The Lost Coast Trail, California – 2012

In the 1930’s surveyors traveled up and down the California coast to decide where to build the Pacific Coast Highway. When they reached the coastline between Humboldt and Mendocino counties they shook their heads. No way they could build the highway there. It would simply be too costly. Instead the highway was diverted inland leaving almost 100 miles of California coastline virtually untouched. Except for a few smaller communities like Petrolia and Shelter Cove this stretch of coastline has been left undeveloped, thus giving it its name the Lost Coast.

View the Lost Coast Trail in a larger map

The Lost Coast Trail runs from the mouth of the Mattole River, just west of the small community of Petrolia, past the town of Shelter Cove down to Sinkyone Wilderness State Park. The 25 mile northern segment from Mattole River to Shelter Cove follows the beach line, and much of the trail is actually on the beach. There even are a few places that are not passable during high tide. From Shelter Cove the trail turns inland and penetrates groves of Redwood as it makes its way 28 more miles down through Sinkyone Wilderness State Park.

I hiked the northern section of the Lost Coast Trail in mid-September of 2012, when I was making my way down the Pacific Coast after completing my thru-hike of the Pacific Crest Trail. I started from Mattole River and spent two days to get to Shelter Cove. It was an awesome hike. As much as I loved hiking the PCT it was a welcoming change to get to spend some time by the ocean.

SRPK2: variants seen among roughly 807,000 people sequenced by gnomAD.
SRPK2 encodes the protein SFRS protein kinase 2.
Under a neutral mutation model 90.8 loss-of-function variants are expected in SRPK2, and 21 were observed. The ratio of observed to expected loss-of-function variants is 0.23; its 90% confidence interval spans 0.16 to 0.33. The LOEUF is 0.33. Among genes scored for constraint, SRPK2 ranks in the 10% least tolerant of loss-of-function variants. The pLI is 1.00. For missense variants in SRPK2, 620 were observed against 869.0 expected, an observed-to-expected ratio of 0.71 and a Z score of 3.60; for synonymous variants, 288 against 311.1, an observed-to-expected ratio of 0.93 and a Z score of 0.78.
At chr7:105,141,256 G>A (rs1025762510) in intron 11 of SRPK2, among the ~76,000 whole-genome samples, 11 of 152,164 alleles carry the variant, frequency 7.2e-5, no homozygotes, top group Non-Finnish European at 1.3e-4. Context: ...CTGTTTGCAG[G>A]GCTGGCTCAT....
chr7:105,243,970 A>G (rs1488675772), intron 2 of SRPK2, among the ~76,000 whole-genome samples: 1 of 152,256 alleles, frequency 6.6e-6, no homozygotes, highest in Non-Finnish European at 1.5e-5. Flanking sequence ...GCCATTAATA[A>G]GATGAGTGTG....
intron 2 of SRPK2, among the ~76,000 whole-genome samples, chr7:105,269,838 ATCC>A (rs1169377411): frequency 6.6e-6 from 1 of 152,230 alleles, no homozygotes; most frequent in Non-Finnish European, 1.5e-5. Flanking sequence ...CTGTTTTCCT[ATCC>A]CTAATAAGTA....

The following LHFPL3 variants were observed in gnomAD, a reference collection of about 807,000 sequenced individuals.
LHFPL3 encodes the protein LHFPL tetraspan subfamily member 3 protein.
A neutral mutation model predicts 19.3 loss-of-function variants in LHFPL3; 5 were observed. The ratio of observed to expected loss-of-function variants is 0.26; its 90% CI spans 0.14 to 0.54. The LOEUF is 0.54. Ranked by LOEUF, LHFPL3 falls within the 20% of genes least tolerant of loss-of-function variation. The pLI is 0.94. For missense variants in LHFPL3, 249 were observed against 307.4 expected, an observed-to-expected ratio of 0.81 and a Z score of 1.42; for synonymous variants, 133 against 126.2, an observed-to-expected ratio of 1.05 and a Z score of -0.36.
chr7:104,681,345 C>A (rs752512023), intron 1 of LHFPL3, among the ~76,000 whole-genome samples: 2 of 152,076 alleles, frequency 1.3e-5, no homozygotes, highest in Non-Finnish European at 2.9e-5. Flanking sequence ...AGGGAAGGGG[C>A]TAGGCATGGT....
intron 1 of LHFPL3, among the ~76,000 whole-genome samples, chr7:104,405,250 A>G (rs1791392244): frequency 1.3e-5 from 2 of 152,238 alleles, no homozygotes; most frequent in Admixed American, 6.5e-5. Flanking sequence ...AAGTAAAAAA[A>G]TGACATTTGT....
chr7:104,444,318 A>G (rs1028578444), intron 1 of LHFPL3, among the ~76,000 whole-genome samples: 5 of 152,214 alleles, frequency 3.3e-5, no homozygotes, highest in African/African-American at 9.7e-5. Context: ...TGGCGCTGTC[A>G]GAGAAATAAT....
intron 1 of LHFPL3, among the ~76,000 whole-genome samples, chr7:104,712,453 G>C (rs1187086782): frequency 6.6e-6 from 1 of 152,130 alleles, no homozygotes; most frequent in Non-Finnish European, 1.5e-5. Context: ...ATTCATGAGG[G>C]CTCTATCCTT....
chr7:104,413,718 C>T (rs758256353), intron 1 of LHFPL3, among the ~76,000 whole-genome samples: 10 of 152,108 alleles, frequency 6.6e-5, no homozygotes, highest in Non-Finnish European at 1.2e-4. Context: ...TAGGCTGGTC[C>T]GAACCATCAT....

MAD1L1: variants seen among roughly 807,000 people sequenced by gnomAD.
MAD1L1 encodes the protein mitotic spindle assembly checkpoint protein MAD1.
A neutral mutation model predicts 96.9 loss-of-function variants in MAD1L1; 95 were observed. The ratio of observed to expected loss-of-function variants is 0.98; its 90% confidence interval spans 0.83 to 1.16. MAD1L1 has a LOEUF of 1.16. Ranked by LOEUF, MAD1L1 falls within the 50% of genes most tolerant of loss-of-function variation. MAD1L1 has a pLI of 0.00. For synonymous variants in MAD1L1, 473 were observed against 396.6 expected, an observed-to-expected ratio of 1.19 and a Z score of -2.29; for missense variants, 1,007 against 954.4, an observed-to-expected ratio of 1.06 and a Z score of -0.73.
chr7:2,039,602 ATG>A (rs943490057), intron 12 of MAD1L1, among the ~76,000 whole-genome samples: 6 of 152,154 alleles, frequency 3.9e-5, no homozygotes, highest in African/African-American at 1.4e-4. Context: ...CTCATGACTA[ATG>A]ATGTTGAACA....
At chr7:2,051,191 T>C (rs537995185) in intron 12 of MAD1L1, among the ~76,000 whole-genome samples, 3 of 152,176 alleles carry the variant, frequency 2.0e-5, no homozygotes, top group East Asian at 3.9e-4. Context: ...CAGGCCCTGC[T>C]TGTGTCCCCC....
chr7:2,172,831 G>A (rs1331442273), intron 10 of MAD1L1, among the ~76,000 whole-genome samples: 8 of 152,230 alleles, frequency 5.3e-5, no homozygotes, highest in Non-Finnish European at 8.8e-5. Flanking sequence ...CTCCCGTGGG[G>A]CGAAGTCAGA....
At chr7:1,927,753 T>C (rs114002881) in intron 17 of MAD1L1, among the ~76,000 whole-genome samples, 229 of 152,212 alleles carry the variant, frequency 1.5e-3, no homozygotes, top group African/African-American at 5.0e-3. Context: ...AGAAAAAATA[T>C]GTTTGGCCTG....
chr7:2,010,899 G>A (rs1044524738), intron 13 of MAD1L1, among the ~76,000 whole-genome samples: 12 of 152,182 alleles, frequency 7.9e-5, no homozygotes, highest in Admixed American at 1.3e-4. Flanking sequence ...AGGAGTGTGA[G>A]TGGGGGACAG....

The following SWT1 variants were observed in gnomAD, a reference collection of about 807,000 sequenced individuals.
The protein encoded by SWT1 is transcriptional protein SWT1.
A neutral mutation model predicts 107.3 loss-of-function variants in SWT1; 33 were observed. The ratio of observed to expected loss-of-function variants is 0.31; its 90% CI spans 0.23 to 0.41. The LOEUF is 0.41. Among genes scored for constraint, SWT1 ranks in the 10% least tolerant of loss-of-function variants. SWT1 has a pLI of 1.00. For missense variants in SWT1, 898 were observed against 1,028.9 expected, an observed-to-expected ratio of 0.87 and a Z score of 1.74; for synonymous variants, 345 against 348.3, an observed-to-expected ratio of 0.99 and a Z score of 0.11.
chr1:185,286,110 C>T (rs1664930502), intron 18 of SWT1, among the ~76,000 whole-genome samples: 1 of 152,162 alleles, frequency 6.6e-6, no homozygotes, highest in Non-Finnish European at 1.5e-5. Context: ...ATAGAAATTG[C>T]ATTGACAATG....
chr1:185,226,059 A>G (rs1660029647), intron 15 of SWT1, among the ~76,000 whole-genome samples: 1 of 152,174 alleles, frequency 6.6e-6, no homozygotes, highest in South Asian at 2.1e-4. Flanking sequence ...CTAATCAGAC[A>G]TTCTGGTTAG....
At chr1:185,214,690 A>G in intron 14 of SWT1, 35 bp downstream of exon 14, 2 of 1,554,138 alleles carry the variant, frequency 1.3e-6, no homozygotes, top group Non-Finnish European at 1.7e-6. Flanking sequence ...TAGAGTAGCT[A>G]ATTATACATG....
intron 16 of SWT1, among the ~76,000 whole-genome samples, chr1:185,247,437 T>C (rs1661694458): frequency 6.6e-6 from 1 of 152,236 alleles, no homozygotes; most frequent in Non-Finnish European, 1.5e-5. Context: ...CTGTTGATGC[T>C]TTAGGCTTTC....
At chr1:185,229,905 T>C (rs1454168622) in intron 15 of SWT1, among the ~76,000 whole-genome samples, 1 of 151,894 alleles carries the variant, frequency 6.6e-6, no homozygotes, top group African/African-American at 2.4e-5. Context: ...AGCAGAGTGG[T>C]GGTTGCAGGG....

Photos from the hike


Practical information

Due to its remoteness the Lost Coast Trail can be somewhat of a logistical challenge. There is no regular bus services going near any of the trailheads so driving out there yourself is usually the only alternative. I left my car at the Mattole River trailhead and had to spend half a day hitch-hiking back from Shelter Cove after the hike. People were really friendly, but the problem was that there just wasn’t any traffic to speak of. I finally got a ride from a local farmer who took me the half-way, and then a musician on his way to a wedding who gave me a ride the rest of the way.

Backcountry permits are required for overnight trips. The permit is free of charge and can be acquired at self-service boxes at King Range trailheads, at the King Range Office in Whitethorn, and at the Bureau of Land Management Field Office in Arcata. The permit also serves as a California campfire permit for the King Range.

Bear canisters are required on overnight trips. Yes, there really are bears there. I saw fresh paw prints on the beach myself. Bear canister can be rented from the store in Petrolia (I think it was around $5) and returned either to the store, or to the King Range Office in Whitethorn.

Much of the trail runs on the beach, and there are a few sections that will flood during high tide. You don’t want to be trapped between the rising Pacific Ocean on one side and and steep inaccessible cliffs on the other. Use a tide chart and observe the sea. Don’t hike out on the beach when the tide is rising.

For more information about the King Range and the Lost Coast please check out the King Range page at

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